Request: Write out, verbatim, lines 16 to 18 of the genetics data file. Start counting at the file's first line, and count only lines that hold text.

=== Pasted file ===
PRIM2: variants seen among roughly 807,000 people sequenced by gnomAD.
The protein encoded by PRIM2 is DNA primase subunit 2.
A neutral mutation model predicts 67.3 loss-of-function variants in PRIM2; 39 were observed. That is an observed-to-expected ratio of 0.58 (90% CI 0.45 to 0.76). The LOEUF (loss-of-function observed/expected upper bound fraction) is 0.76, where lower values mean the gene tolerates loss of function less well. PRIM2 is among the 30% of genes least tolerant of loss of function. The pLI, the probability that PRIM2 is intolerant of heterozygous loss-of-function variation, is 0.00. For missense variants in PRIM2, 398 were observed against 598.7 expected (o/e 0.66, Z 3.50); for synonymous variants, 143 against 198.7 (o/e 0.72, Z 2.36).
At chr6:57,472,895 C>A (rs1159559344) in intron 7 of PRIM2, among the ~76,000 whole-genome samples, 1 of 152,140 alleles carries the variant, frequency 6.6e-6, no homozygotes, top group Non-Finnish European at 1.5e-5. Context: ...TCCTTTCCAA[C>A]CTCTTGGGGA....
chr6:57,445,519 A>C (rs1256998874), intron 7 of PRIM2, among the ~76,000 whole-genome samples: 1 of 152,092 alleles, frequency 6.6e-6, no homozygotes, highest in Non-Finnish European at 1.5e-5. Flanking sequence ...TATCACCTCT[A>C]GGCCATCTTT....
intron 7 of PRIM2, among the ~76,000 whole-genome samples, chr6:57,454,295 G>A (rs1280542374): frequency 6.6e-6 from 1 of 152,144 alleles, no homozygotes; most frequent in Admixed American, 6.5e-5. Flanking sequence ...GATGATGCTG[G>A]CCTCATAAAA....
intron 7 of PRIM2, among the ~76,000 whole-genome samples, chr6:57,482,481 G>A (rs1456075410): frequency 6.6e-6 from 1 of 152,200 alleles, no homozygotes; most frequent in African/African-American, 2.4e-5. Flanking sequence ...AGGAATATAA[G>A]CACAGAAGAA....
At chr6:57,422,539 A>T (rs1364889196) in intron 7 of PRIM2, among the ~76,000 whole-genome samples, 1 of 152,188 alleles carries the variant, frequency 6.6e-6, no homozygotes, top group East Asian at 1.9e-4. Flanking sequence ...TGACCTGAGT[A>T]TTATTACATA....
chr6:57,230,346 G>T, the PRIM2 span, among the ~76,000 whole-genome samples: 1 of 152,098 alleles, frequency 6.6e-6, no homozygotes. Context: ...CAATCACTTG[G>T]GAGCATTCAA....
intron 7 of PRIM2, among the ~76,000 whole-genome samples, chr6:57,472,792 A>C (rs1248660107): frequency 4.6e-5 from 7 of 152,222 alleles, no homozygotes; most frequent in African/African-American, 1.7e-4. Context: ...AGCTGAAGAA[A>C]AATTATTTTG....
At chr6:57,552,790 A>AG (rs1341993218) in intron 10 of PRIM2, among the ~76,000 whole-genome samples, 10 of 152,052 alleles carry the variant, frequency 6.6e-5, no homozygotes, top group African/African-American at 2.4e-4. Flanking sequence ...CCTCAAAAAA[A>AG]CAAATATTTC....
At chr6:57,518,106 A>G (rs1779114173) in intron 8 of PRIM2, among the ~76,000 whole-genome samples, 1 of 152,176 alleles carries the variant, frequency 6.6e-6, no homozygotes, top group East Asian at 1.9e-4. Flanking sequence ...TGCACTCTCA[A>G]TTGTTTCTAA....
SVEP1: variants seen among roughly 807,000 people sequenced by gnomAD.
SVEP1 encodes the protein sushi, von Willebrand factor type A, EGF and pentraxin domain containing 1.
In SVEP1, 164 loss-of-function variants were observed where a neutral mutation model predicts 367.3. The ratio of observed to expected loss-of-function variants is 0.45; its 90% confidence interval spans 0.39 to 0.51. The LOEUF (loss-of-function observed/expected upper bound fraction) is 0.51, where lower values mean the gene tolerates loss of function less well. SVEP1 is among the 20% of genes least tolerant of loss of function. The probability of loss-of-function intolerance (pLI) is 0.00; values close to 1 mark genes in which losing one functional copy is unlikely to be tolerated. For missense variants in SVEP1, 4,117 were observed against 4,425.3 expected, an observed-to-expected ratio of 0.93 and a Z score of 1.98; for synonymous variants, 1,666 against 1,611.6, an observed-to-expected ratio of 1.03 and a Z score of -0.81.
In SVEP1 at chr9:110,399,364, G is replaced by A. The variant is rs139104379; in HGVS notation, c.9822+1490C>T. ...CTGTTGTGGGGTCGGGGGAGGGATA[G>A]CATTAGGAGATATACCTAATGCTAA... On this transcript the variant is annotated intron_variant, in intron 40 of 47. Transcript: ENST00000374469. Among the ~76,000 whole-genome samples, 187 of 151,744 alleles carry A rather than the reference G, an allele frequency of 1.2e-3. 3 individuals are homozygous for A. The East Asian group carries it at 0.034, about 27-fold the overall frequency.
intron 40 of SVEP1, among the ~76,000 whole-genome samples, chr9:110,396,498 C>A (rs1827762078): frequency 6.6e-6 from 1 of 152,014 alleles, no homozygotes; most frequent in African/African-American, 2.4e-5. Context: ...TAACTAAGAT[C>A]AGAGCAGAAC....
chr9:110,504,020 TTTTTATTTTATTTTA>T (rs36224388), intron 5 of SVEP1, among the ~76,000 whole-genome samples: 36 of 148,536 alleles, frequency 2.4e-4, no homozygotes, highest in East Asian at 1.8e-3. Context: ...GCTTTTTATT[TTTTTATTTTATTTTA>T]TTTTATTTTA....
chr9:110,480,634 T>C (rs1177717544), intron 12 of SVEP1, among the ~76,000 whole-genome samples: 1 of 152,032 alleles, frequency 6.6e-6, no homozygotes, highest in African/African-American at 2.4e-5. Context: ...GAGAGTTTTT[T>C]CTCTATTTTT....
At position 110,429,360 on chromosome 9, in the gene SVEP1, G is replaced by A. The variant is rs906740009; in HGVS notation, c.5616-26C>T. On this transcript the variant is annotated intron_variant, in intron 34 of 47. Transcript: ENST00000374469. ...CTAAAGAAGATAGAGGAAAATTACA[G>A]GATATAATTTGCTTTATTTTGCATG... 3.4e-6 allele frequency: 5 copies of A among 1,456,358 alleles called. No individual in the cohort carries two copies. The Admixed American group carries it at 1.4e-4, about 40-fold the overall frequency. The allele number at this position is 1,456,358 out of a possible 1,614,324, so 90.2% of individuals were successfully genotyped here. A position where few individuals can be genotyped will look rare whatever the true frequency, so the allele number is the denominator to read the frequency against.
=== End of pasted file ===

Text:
In SVEP1 at chr9:110,399,364, G is replaced by A. The variant is rs139104379; in HGVS notation, c.9822+1490C>T. ...CTGTTGTGGGGTCGGGGGAGGGATA[G>A]CATTAGGAGATATACCTAATGCTAA... On this transcript the variant is annotated intron_variant, in intron 40 of 47. Transcript: ENST00000374469. Among the ~76,000 whole-genome samples, 187 of 151,744 alleles carry A rather than the reference G, an allele frequency of 1.2e-3. 3 individuals are homozygous for A. The East Asian group carries it at 0.034, about 27-fold the overall frequency.
intron 40 of SVEP1, among the ~76,000 whole-genome samples, chr9:110,396,498 C>A (rs1827762078): frequency 6.6e-6 from 1 of 152,014 alleles, no homozygotes; most frequent in African/African-American, 2.4e-5. Context: ...TAACTAAGAT[C>A]AGAGCAGAAC....
chr9:110,504,020 TTTTTATTTTATTTTA>T (rs36224388), intron 5 of SVEP1, among the ~76,000 whole-genome samples: 36 of 148,536 alleles, frequency 2.4e-4, no homozygotes, highest in East Asian at 1.8e-3. Context: ...GCTTTTTATT[TTTTTATTTTATTTTA>T]TTTTATTTTA....